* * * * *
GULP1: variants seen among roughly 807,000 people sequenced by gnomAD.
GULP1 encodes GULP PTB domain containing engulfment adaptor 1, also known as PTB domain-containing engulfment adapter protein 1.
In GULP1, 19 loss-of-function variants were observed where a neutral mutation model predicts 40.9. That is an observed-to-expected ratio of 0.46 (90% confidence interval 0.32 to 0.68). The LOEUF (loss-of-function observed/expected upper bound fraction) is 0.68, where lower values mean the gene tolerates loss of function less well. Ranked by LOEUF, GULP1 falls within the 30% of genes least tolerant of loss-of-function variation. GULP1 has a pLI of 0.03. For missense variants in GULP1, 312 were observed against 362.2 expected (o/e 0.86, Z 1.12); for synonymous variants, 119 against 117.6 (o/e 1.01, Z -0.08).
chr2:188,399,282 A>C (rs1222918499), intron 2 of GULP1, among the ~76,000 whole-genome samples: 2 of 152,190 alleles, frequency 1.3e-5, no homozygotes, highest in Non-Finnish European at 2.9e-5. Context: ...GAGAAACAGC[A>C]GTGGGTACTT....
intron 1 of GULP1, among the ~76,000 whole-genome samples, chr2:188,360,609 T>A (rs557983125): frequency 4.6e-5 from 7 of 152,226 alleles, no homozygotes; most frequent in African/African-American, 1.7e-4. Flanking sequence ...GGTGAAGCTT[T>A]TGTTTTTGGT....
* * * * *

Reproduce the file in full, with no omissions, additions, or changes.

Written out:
GULP1: variants seen among roughly 807,000 people sequenced by gnomAD.
GULP1 encodes GULP PTB domain containing engulfment adaptor 1, also known as PTB domain-containing engulfment adapter protein 1.
In GULP1, 19 loss-of-function variants were observed where a neutral mutation model predicts 40.9. That is an observed-to-expected ratio of 0.46 (90% confidence interval 0.32 to 0.68). The LOEUF (loss-of-function observed/expected upper bound fraction) is 0.68, where lower values mean the gene tolerates loss of function less well. Ranked by LOEUF, GULP1 falls within the 30% of genes least tolerant of loss-of-function variation. GULP1 has a pLI of 0.03. For missense variants in GULP1, 312 were observed against 362.2 expected (o/e 0.86, Z 1.12); for synonymous variants, 119 against 117.6 (o/e 1.01, Z -0.08).
chr2:188,399,282 A>C (rs1222918499), intron 2 of GULP1, among the ~76,000 whole-genome samples: 2 of 152,190 alleles, frequency 1.3e-5, no homozygotes, highest in Non-Finnish European at 2.9e-5. Context: ...GAGAAACAGC[A>C]GTGGGTACTT....
intron 1 of GULP1, among the ~76,000 whole-genome samples, chr2:188,360,609 T>A (rs557983125): frequency 4.6e-5 from 7 of 152,226 alleles, no homozygotes; most frequent in African/African-American, 1.7e-4. Flanking sequence ...GGTGAAGCTT[T>A]TGTTTTTGGT....